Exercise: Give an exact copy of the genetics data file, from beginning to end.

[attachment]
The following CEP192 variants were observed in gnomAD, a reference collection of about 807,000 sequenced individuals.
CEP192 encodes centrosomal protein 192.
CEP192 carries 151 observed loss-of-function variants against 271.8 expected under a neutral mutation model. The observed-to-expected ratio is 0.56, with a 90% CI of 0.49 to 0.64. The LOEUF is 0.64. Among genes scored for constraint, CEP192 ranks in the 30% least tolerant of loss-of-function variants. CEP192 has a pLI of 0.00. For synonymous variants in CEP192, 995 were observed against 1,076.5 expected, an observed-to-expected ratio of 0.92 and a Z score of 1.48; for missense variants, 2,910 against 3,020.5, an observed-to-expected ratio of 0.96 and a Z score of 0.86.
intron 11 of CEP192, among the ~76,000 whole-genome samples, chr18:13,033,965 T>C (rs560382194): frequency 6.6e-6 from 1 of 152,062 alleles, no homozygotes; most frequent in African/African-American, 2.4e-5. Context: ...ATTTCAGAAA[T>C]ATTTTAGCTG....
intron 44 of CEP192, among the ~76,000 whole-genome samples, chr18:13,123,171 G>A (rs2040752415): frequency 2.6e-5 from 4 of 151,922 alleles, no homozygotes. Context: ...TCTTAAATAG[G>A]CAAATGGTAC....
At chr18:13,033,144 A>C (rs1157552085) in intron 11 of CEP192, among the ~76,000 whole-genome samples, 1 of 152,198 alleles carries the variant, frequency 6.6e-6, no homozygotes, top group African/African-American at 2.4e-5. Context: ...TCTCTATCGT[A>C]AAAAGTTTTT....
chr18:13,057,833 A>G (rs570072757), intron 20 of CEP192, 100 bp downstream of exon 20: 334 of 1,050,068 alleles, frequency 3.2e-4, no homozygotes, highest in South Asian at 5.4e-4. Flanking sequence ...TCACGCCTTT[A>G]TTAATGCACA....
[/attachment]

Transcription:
The following CEP192 variants were observed in gnomAD, a reference collection of about 807,000 sequenced individuals.
CEP192 encodes centrosomal protein 192.
CEP192 carries 151 observed loss-of-function variants against 271.8 expected under a neutral mutation model. The observed-to-expected ratio is 0.56, with a 90% CI of 0.49 to 0.64. The LOEUF is 0.64. Among genes scored for constraint, CEP192 ranks in the 30% least tolerant of loss-of-function variants. CEP192 has a pLI of 0.00. For synonymous variants in CEP192, 995 were observed against 1,076.5 expected, an observed-to-expected ratio of 0.92 and a Z score of 1.48; for missense variants, 2,910 against 3,020.5, an observed-to-expected ratio of 0.96 and a Z score of 0.86.
intron 11 of CEP192, among the ~76,000 whole-genome samples, chr18:13,033,965 T>C (rs560382194): frequency 6.6e-6 from 1 of 152,062 alleles, no homozygotes; most frequent in African/African-American, 2.4e-5. Context: ...ATTTCAGAAA[T>C]ATTTTAGCTG....
intron 44 of CEP192, among the ~76,000 whole-genome samples, chr18:13,123,171 G>A (rs2040752415): frequency 2.6e-5 from 4 of 151,922 alleles, no homozygotes. Context: ...TCTTAAATAG[G>A]CAAATGGTAC....
At chr18:13,033,144 A>C (rs1157552085) in intron 11 of CEP192, among the ~76,000 whole-genome samples, 1 of 152,198 alleles carries the variant, frequency 6.6e-6, no homozygotes, top group African/African-American at 2.4e-5. Context: ...TCTCTATCGT[A>C]AAAAGTTTTT....
chr18:13,057,833 A>G (rs570072757), intron 20 of CEP192, 100 bp downstream of exon 20: 334 of 1,050,068 alleles, frequency 3.2e-4, no homozygotes, highest in South Asian at 5.4e-4. Flanking sequence ...TCACGCCTTT[A>G]TTAATGCACA....